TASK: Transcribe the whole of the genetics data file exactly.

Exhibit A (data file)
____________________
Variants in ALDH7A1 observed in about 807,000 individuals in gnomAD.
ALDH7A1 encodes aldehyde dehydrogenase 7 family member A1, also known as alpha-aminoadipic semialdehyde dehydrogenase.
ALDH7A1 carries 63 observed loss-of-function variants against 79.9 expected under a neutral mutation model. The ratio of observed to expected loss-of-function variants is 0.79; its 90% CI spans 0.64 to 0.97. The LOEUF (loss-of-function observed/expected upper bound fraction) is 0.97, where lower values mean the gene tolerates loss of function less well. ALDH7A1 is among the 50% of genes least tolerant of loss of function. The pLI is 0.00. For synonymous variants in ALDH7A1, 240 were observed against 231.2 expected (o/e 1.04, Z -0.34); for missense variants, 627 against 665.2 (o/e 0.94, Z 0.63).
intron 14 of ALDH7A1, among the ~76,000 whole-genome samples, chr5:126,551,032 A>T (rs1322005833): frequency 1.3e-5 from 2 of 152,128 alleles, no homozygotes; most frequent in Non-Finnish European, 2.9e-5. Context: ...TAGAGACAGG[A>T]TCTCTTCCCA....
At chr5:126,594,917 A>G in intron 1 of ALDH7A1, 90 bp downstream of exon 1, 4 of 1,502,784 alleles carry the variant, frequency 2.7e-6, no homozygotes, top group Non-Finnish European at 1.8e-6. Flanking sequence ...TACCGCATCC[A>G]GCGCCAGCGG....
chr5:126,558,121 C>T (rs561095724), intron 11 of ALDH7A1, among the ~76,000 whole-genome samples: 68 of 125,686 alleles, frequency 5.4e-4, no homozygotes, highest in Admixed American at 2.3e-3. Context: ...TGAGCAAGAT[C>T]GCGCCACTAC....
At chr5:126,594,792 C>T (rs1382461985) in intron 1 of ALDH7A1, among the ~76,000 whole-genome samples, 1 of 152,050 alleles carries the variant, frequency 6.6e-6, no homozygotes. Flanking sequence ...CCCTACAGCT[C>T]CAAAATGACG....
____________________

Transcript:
Variants in ALDH7A1 observed in about 807,000 individuals in gnomAD.
ALDH7A1 encodes aldehyde dehydrogenase 7 family member A1, also known as alpha-aminoadipic semialdehyde dehydrogenase.
ALDH7A1 carries 63 observed loss-of-function variants against 79.9 expected under a neutral mutation model. The ratio of observed to expected loss-of-function variants is 0.79; its 90% CI spans 0.64 to 0.97. The LOEUF (loss-of-function observed/expected upper bound fraction) is 0.97, where lower values mean the gene tolerates loss of function less well. ALDH7A1 is among the 50% of genes least tolerant of loss of function. The pLI is 0.00. For synonymous variants in ALDH7A1, 240 were observed against 231.2 expected (o/e 1.04, Z -0.34); for missense variants, 627 against 665.2 (o/e 0.94, Z 0.63).
intron 14 of ALDH7A1, among the ~76,000 whole-genome samples, chr5:126,551,032 A>T (rs1322005833): frequency 1.3e-5 from 2 of 152,128 alleles, no homozygotes; most frequent in Non-Finnish European, 2.9e-5. Context: ...TAGAGACAGG[A>T]TCTCTTCCCA....
At chr5:126,594,917 A>G in intron 1 of ALDH7A1, 90 bp downstream of exon 1, 4 of 1,502,784 alleles carry the variant, frequency 2.7e-6, no homozygotes, top group Non-Finnish European at 1.8e-6. Flanking sequence ...TACCGCATCC[A>G]GCGCCAGCGG....
chr5:126,558,121 C>T (rs561095724), intron 11 of ALDH7A1, among the ~76,000 whole-genome samples: 68 of 125,686 alleles, frequency 5.4e-4, no homozygotes, highest in Admixed American at 2.3e-3. Context: ...TGAGCAAGAT[C>T]GCGCCACTAC....
At chr5:126,594,792 C>T (rs1382461985) in intron 1 of ALDH7A1, among the ~76,000 whole-genome samples, 1 of 152,050 alleles carries the variant, frequency 6.6e-6, no homozygotes. Flanking sequence ...CCCTACAGCT[C>T]CAAAATGACG....